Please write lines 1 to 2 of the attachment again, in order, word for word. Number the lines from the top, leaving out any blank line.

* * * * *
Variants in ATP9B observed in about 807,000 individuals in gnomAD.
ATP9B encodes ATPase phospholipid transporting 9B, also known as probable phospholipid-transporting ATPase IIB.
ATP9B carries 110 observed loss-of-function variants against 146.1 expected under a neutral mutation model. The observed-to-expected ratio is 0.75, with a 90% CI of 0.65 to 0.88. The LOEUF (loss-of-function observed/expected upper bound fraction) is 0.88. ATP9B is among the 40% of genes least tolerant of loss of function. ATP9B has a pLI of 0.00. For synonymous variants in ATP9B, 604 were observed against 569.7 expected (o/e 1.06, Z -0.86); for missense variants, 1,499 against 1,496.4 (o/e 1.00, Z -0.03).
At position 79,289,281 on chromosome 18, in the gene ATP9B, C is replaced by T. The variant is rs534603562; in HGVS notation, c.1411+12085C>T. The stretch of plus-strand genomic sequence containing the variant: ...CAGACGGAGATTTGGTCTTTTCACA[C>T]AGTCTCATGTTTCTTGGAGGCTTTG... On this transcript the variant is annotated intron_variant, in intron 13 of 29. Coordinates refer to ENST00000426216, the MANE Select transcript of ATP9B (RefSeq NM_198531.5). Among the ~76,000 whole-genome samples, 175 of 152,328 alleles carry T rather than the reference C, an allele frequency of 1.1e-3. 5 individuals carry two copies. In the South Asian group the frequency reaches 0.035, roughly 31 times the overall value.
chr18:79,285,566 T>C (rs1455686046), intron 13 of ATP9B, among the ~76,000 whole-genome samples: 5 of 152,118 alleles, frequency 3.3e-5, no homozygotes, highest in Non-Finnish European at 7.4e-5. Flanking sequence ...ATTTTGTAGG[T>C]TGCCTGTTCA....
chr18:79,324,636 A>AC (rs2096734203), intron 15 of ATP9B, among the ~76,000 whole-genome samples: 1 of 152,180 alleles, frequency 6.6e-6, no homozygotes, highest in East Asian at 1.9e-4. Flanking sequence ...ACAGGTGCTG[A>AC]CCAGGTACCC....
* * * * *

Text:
Variants in ATP9B observed in about 807,000 individuals in gnomAD.
ATP9B encodes ATPase phospholipid transporting 9B, also known as probable phospholipid-transporting ATPase IIB.